Let's look at some parts of Social media now that you need to be careful about..



There is a huge trend recently for Clean Beauty and it's being pushed onto us using fear and guilt techniques by a few companies and celebrities that should know better.

Sold on the principle that all other products are Dirty and if your product contains anything that's on the Dirty list then it's harmful to your health and the environment.

I'm going to borrow a quote from another Instagrammer I use regularly @labmuffinbeautyscience Michelle Wong has a Ph.D. in Chemistry that she uses to great effect to debunk myths.

you can’t say that an ingredient is good or bad without considering how it’s used. Drinking a glass of water is very different from inhaling a glass of water. And the amount of ingredient that you use makes a huge difference as well: inhaling some steam is very different from inhaling a whole river.

I'll use parabens as an example, vilified in the press over the last few years and used as a massive selling point by a lot of companies. One of the biggest points used is that parabens are mildly estrogenic. If I tell you that chicken, red meat, tofu, grains, legumes, alcohol, soybeans, sesame seeds, garlic, and peaches are all estrogenic too, does this make a difference?

We get to choose what we put in and on our bodies but we need all the information available to make good choices.

The benefits of eating/applying products with an estrogenic effect will far outweigh the risks and just because parabens are synthetic chemicals, it doesn't make them any safer than natural chemicals. I'll link an article here from Michelle as she can explain it far better than I ever will.

https://labmuffin.com/clean-beauty-is-wrong-and-wont-give-us-safer-products/


" I've seen an * insert name* Influencer on Instagram use it and she looks great.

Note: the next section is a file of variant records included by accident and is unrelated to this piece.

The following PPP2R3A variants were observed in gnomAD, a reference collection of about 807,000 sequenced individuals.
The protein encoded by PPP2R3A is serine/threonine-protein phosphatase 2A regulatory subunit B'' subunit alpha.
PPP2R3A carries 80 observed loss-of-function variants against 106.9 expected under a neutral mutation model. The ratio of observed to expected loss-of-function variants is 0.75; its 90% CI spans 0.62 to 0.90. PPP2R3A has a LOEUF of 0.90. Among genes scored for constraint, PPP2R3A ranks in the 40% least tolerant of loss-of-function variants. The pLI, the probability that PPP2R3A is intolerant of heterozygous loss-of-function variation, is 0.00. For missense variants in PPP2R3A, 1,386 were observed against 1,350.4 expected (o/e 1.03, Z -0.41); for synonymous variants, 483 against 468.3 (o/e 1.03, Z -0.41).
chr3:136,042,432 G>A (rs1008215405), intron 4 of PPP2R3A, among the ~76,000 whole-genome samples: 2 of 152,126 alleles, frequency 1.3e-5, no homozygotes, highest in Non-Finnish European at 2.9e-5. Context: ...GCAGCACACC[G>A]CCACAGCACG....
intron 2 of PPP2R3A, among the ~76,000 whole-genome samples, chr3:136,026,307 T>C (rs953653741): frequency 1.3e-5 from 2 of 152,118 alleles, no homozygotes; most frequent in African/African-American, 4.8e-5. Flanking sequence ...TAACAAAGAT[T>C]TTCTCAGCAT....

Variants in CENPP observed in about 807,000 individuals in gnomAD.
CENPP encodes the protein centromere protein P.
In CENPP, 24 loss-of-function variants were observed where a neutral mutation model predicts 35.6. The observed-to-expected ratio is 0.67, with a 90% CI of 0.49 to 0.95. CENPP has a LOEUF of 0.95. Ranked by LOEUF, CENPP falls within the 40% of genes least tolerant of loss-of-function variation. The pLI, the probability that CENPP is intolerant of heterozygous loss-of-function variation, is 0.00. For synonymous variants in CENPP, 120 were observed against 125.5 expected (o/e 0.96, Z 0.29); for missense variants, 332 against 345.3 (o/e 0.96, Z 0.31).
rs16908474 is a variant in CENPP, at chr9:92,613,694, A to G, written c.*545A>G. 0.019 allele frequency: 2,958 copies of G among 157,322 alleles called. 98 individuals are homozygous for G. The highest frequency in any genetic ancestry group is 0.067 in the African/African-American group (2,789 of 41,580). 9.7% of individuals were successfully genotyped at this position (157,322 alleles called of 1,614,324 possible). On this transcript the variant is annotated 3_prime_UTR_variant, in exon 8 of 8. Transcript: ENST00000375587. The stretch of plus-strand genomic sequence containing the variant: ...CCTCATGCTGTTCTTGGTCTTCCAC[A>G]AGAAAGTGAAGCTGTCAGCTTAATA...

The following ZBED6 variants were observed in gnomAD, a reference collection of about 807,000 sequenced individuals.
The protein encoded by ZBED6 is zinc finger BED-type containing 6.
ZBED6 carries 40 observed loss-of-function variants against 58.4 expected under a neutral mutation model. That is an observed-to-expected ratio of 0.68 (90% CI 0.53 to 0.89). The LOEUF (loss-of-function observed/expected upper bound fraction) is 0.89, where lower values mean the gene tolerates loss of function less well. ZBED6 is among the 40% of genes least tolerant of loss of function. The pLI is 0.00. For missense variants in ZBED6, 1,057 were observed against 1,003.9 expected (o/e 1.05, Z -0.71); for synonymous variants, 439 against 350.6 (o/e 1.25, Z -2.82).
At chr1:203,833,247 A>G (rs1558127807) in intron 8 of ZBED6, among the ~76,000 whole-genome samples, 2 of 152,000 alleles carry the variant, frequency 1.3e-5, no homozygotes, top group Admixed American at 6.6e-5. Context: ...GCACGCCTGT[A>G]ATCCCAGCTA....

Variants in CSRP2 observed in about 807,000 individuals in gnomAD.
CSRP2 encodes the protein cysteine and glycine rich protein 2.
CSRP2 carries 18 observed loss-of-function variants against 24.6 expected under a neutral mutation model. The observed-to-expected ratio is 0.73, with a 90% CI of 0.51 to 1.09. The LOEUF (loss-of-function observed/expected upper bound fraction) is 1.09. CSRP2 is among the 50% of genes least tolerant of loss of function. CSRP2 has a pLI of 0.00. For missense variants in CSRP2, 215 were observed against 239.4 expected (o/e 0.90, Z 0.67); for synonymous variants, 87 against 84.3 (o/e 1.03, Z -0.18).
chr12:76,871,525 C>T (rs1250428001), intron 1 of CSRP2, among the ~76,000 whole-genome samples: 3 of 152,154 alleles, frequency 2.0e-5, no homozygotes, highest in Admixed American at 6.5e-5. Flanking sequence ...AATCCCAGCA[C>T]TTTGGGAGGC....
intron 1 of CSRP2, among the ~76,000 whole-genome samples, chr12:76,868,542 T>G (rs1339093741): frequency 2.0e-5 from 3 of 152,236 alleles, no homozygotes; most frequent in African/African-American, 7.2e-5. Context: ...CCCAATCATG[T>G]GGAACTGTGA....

We need to look at the reality of advertising using Influencers. By definition an Influencer is someone who is paid, in money or products or experiences, to advertise a product. They are usually chosen for the size of their account or in the beginning their willingness to advertise a product for free to grow their Instagram account.


Do they use what they are selling to you?

Are they giving you the relevant information you need to make a good choice for your skin?

Are they showing filtered images? #filterdrop


Can you ask any questions you need about the product they are selling or are you diverted to another website?

Are they the same age as you with the same skin concerns?

Do they have a team of experts helping them to look great?

Do you have the same time and budget they do?

What else are they using on their skin?


The lesson here like any factual research is to check for proof first. Many of the products that are sold through social media are great but they may not be great for YOU.



There are some fabulous resources available to us all on Social Media now and I still use it as a learning tool nearly every day. The amount of information out there can sometimes be overwhelming and there are a lot of differences of opinion. The best piece of advice I can give to you is to learn your own skin first and what it needs. There are ingredients that will suit your issues perfectly and be really effective so look for these. Look at what products do contain, not what they don't, and if you're ever in doubt I'm always here to guide you.


Love Beauty x